Perhaps I should be dead, but I’m not even moribund, really. At least I don’t feel like death in imminent. I’m just not sure I should be alive. I take seventeen pills a day. Are pharmaceuticals keeping me alive? It’s interesting how the plethora of pills gradually grows as doctors detect failures or diminished effectiveness in some aged organs.

Young people should remain aware that old codgers, guys with sparse hair and slight limps, were not always so. At least some of us were adventurers and risk takers, especially in our teens. Some of us who were lucky to be born to ambitious, successful parents had facilities to be bad. I raced sports cars, I shot rapids in a canoe, I drove daringly on night highways, and I’m still here and happy. Not all my friends from the days of adventure are still alive.

All the girls I dated in high school are dead. Almost all my cousins in my age group, male and female, are dead. Many of my frat pals are dead. Most people my age are dead. One of my brothers is dead. The youngest and I are fine. My first wife is wheelchair bound and alone with our son to help her. My second wife is a tragic sociopath who lives on the street or in shelters. My third wife is a sadly disillusioned matron, traveling through a false life that exists only in her injured mind.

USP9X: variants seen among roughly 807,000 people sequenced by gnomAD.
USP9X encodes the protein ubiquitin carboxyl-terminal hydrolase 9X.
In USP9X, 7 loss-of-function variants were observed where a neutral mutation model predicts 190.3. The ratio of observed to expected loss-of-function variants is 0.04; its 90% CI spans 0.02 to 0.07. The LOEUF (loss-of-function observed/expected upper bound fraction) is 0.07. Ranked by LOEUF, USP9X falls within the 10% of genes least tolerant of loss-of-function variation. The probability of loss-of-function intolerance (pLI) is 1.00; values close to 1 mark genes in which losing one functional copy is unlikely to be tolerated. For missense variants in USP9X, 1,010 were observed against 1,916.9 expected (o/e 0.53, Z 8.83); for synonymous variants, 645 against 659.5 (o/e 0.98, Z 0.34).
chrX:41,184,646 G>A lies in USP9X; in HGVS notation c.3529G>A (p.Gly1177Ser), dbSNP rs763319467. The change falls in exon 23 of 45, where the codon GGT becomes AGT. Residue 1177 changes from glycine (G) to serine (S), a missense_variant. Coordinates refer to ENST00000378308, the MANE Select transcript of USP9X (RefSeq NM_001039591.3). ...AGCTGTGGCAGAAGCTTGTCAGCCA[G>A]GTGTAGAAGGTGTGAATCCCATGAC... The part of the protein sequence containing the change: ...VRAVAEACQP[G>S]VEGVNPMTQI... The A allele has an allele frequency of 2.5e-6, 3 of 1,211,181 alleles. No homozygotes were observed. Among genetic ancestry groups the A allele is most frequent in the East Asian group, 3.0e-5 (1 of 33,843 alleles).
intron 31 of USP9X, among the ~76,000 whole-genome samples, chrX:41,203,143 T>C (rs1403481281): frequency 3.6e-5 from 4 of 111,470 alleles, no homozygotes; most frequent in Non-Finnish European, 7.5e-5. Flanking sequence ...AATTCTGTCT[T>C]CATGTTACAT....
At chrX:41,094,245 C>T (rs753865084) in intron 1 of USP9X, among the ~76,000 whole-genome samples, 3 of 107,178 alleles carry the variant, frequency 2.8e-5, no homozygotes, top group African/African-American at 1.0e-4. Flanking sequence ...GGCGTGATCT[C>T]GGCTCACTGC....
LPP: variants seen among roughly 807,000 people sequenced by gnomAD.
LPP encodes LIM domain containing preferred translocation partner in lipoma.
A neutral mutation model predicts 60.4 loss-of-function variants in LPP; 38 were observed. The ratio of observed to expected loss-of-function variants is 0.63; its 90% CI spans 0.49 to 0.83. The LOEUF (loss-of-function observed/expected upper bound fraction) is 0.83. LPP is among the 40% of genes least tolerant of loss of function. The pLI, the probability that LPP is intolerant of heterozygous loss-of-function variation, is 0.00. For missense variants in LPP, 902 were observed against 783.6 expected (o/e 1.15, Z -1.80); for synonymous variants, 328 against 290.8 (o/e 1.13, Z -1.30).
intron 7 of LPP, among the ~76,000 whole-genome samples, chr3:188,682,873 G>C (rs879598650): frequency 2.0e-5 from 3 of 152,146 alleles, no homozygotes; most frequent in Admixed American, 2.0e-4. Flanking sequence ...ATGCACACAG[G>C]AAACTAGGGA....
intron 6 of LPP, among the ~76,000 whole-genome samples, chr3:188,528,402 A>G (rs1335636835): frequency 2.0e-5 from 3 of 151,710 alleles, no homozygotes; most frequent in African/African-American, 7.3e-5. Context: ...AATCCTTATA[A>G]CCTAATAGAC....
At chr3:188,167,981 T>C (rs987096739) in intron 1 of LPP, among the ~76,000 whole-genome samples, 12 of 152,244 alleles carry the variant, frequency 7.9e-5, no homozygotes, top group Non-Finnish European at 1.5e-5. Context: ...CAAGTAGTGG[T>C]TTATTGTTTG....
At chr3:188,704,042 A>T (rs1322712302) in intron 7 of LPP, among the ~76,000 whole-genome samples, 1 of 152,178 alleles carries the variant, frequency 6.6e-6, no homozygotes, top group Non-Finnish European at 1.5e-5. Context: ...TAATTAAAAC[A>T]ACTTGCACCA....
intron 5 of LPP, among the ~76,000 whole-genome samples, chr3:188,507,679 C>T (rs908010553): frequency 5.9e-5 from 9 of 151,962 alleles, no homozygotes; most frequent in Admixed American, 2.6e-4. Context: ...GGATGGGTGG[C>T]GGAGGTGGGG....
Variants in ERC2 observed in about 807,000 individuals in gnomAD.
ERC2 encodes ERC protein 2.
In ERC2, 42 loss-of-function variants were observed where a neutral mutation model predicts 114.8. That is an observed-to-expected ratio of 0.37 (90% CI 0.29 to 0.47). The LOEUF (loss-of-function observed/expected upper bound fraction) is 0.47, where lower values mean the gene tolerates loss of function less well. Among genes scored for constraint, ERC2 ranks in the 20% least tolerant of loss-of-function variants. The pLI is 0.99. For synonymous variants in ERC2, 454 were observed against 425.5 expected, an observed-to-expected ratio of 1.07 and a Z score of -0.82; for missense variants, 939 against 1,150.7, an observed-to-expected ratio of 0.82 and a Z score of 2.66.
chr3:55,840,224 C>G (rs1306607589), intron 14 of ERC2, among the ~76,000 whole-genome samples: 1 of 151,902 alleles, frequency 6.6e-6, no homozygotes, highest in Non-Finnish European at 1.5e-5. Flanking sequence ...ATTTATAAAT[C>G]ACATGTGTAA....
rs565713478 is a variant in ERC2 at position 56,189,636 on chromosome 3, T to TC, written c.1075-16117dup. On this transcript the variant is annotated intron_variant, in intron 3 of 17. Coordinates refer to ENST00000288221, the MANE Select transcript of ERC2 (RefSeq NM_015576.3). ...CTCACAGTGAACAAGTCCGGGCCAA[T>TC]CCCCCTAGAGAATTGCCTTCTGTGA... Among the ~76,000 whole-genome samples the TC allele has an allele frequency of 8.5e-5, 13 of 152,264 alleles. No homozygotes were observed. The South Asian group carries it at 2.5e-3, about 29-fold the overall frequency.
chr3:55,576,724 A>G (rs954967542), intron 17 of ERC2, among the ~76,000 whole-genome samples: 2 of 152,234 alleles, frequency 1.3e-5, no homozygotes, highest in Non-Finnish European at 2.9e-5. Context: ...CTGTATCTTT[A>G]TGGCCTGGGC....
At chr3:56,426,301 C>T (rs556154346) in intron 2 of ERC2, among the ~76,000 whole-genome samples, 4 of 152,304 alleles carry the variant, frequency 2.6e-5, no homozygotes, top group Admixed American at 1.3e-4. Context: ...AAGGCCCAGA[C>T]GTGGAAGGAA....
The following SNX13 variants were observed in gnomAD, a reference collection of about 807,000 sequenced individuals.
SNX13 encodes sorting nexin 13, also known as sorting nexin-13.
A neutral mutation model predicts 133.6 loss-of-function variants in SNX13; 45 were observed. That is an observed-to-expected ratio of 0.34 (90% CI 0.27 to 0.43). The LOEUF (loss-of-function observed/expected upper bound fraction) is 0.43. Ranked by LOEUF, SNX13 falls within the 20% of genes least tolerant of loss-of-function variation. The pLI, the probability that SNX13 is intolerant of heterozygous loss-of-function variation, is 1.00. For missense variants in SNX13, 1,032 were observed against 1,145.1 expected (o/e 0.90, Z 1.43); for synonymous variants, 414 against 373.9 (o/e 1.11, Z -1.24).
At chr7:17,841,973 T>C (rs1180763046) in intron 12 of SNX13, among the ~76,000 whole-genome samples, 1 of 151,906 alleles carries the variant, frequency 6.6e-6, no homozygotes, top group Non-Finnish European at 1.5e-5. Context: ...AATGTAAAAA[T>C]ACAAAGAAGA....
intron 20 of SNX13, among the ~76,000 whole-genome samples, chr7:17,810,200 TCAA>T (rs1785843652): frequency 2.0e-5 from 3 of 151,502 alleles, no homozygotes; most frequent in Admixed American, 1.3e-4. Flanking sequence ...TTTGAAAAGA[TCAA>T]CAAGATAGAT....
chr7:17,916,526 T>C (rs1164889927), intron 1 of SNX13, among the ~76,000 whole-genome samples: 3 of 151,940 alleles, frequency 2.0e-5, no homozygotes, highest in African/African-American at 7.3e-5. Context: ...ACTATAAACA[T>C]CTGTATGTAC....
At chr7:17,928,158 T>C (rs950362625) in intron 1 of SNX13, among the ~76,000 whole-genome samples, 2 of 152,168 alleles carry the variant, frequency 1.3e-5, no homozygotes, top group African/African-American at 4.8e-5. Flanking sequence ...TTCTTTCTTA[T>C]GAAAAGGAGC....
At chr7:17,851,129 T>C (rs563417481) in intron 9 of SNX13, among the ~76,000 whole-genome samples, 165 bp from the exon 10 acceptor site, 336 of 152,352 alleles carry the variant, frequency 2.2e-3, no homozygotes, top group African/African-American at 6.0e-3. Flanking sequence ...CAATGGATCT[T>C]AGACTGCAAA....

My fourth wife is a wonder. She is beautiful, intelligent, educated, efficient, sensitive and talented. She earned my love with her sincerity and intelligent application of behavior that washed away my doubts. I realize now what a good woman, a good wife should be. I was erroneous in my previous choices, partly because I didn’t know that a person could be as good as is my wife.

I continue to live my life, adjusting for the diminished capabilities. I walk less and more slowly. I draw and write more. I absorb all the international news in which I’m interested and discuss it with my long-time friend daily, on long distance telephone.

Most people my age are dead.  I continue on, finding life interesting, as does my friend.